This is a guest post from The Frugal Duchess, Sharon Harvey Rosenberg. Rosenberg writes a column for the Miami Herald about saving money. Her new book is The Frugal Duchess: How to Live Well and Save Money.
 
Almost every year for Rosh Hashanah — the New Year according to the Hebrew calendar — my family buys new clothes. With a few new tags, we make symbolic and fashion statements. And the same message is delivered during the fall back-to-school shopping season:  Our new clothes represent a fresh start for a new year.
 
But this year was different, and not just for me. For example, at a gathering of family and friends, old clothes provided the newest fashion statement.  Here are the trends I spotted at recent parties, family dinners and other celebrations:

  • Closet vintage clothing: My friend Ellen recently stepped out in a navy Alfred Nipon suit — a classic — purchased for a family celebration in 2004. Four years later, the suit is still stunning.
  • Borrowed clothing: Monica —  a neighbor — showed up at a dressy dinner party wearing an outfit borrowed from her adult daughter’s closet. I was tempted to ask if I could borrow the same outfit for another event.
  • Favorite classics:  At a recent gathering, my friend Ahava wore a 20-year-old black and white  skirt.  She dressed it up with newer accessories, but the old skirt was the centerpiece of her outfit.
  • Thrift-store specials: One friend proudly sported a designer shirt (Givenchy) purchased from $2.50 at an area thrift store.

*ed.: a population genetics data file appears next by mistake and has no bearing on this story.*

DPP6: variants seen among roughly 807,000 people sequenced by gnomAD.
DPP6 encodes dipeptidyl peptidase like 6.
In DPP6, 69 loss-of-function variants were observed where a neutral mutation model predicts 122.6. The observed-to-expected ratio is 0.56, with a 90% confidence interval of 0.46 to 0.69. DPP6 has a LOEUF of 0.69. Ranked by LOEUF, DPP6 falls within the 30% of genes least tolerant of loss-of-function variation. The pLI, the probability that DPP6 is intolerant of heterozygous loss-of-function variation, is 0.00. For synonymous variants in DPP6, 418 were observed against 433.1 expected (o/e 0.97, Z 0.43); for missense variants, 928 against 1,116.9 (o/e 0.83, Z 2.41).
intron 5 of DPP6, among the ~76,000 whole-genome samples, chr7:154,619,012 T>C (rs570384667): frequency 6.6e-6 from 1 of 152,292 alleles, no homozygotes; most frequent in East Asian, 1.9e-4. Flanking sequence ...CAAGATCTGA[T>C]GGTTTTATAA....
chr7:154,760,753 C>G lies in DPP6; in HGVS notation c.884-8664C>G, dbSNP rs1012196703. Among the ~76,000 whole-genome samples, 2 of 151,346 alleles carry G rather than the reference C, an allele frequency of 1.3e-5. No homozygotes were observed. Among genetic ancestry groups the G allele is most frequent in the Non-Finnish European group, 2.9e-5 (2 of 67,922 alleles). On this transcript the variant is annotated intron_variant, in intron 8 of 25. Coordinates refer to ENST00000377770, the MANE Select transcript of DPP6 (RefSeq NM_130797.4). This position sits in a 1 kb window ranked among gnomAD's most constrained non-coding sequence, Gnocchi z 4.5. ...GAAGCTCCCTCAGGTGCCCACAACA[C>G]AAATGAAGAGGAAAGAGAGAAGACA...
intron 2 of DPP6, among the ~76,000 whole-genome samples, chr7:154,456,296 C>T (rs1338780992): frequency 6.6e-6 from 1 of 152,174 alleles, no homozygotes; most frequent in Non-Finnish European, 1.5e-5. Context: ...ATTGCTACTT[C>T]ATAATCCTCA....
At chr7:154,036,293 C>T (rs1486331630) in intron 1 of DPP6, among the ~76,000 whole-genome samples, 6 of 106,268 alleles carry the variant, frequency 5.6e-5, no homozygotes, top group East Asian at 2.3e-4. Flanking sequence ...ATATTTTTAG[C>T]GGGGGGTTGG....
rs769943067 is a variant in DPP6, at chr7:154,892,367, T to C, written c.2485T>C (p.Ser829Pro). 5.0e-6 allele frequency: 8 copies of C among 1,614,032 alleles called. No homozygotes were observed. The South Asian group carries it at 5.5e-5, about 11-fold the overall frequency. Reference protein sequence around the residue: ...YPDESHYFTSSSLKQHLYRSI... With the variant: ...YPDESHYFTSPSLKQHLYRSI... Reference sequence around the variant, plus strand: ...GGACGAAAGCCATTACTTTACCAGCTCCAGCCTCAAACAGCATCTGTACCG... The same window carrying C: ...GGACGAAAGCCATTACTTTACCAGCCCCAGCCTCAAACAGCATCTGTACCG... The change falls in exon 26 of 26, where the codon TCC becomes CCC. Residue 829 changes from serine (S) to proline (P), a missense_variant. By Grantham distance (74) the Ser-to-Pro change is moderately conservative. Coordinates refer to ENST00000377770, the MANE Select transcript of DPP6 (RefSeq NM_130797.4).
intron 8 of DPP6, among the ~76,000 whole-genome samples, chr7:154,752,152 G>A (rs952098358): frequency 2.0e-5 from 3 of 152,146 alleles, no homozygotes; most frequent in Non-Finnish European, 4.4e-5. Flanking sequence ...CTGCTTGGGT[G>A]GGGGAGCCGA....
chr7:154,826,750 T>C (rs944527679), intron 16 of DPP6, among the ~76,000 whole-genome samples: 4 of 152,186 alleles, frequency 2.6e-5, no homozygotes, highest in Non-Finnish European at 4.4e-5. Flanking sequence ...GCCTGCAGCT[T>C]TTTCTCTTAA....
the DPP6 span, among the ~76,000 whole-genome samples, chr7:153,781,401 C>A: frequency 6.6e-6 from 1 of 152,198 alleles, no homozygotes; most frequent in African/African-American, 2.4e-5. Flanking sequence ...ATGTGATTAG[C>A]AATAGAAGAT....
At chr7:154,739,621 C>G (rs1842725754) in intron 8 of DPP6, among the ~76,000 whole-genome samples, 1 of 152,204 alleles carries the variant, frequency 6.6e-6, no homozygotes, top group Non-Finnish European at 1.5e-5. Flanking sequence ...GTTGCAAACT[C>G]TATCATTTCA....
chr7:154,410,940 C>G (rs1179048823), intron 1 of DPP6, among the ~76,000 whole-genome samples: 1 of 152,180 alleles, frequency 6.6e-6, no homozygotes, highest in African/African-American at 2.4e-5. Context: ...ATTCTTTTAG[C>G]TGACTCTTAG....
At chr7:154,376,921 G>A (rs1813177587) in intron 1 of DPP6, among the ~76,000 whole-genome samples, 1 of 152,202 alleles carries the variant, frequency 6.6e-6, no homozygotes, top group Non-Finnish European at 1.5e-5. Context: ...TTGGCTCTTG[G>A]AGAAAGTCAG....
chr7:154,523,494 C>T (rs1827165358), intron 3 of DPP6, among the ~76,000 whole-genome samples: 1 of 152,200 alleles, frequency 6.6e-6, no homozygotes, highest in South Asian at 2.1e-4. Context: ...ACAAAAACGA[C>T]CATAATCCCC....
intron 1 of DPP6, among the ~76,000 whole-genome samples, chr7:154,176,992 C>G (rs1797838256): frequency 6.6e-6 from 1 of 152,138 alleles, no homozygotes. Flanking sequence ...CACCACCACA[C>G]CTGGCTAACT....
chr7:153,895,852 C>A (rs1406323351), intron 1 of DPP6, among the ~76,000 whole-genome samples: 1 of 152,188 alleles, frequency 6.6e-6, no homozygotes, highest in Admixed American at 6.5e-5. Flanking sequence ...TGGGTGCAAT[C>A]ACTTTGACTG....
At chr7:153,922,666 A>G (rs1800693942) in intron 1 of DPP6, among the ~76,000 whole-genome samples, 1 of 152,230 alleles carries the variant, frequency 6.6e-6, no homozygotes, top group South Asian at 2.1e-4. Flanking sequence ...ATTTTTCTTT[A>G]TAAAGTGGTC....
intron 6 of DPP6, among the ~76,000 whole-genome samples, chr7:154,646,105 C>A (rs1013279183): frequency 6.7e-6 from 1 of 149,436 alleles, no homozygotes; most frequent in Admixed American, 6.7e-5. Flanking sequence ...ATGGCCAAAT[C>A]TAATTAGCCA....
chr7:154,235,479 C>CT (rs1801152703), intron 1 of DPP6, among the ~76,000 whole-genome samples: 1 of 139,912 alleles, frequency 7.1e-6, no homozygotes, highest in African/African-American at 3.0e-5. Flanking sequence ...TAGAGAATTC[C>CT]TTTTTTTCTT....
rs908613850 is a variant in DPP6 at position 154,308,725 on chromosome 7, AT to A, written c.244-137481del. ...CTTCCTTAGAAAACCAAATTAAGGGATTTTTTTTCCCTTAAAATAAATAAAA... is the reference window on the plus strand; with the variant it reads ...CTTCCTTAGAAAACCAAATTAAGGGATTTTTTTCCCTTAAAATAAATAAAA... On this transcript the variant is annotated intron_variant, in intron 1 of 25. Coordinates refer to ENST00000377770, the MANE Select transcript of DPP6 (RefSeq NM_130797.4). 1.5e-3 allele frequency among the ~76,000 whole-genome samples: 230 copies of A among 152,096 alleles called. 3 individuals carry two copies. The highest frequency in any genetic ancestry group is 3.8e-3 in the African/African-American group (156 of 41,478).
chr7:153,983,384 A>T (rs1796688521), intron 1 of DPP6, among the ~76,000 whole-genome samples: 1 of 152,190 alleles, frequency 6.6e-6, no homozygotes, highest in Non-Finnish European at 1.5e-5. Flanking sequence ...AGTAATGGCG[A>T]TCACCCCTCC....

As for me, I’ve been shopping in my own closets and cupboards. Shopping at home has several advantages. For example, I’ve re-discovered at least three skirts and several jackets that were forgotten.

When confronted with the large volume of skirts, shirts and jackets in my closet, I actually feel ashamed about wanting new items.  (I really, really don’t need new stuff!). Modeling my own wardrobe provides a sense of gratitude and pride.

As an added bonus, while rummaging through my closet, I find purses, jackets and suits that would look great on a friend or would work well in the window of an area thrift store.

For more on this subject, please read:

Recycling old clothes renews my creative spark and prompts me to examine my closet and my life with fresh eyes.

Sharon Harvey Rosenberg, the Frugal Duchess of South Beach, is a write-at-home mom with three kids, one husband, one dog, and five blogs. She has fine tastes and a small budget, which she explores in her Miami Herald column about saving money. Here fashionably frugal attitude is “Live well, find meaning and stay on a budget.”

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